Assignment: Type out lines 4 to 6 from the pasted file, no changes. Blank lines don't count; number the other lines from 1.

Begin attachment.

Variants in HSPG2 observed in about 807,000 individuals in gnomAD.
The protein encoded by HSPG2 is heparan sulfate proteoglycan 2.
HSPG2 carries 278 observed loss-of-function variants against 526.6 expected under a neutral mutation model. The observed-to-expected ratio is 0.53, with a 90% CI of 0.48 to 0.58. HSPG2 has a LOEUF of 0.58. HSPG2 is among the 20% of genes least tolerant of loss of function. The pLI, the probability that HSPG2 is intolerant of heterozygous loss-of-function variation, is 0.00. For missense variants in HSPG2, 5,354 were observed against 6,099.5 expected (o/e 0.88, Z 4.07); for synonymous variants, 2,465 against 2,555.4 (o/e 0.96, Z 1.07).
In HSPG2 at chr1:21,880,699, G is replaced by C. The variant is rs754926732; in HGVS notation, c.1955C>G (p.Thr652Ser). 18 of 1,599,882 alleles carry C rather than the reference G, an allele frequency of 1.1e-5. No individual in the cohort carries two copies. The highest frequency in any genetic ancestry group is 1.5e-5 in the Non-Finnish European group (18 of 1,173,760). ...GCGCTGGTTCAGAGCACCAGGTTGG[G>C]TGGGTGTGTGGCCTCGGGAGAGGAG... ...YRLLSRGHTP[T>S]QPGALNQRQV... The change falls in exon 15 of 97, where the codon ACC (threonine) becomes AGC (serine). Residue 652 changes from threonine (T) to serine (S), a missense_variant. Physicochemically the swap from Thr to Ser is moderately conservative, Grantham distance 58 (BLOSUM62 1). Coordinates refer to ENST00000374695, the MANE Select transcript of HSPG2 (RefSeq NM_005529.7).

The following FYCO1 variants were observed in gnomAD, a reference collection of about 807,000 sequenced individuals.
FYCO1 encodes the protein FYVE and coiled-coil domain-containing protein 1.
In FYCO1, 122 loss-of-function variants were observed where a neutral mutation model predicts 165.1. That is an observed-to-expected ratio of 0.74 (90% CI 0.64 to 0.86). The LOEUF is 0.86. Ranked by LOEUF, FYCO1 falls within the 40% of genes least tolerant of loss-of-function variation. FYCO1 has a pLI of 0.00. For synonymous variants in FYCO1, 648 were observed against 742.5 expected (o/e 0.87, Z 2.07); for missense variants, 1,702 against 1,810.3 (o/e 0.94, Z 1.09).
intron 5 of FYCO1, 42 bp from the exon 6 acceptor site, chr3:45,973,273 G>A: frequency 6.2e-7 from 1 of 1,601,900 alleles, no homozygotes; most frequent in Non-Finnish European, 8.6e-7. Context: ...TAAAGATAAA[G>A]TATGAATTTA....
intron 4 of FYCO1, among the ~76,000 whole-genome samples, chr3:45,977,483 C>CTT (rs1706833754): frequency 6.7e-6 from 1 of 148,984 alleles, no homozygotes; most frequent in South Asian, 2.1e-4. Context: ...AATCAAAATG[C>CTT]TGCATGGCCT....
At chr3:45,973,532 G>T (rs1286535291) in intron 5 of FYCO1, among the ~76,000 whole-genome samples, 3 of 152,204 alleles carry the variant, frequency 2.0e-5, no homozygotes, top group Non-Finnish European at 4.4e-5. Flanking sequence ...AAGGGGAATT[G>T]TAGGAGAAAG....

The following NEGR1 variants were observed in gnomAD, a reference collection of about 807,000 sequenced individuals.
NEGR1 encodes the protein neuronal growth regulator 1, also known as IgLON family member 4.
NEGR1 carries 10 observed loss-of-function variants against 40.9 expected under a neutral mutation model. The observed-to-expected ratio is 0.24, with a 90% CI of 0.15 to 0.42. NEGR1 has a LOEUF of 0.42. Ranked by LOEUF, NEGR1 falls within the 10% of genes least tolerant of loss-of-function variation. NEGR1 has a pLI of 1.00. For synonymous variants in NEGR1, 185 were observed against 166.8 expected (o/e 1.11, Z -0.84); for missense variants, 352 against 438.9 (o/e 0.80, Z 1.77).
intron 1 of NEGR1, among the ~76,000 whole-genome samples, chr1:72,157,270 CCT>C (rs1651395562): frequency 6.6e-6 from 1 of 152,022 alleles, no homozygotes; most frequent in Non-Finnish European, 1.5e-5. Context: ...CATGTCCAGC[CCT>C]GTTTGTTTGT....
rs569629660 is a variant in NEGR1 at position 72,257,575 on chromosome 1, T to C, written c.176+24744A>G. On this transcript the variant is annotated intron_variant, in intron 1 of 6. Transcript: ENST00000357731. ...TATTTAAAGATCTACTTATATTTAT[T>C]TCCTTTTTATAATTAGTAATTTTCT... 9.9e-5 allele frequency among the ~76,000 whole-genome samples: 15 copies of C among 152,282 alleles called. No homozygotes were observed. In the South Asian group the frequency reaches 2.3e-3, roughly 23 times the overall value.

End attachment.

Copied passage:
In HSPG2 at chr1:21,880,699, G is replaced by C. The variant is rs754926732; in HGVS notation, c.1955C>G (p.Thr652Ser). 18 of 1,599,882 alleles carry C rather than the reference G, an allele frequency of 1.1e-5. No individual in the cohort carries two copies. The highest frequency in any genetic ancestry group is 1.5e-5 in the Non-Finnish European group (18 of 1,173,760). ...GCGCTGGTTCAGAGCACCAGGTTGG[G>C]TGGGTGTGTGGCCTCGGGAGAGGAG... ...YRLLSRGHTP[T>S]QPGALNQRQV... The change falls in exon 15 of 97, where the codon ACC (threonine) becomes AGC (serine). Residue 652 changes from threonine (T) to serine (S), a missense_variant. Physicochemically the swap from Thr to Ser is moderately conservative, Grantham distance 58 (BLOSUM62 1). Coordinates refer to ENST00000374695, the MANE Select transcript of HSPG2 (RefSeq NM_005529.7).

The following FYCO1 variants were observed in gnomAD, a reference collection of about 807,000 sequenced individuals.
FYCO1 encodes the protein FYVE and coiled-coil domain-containing protein 1.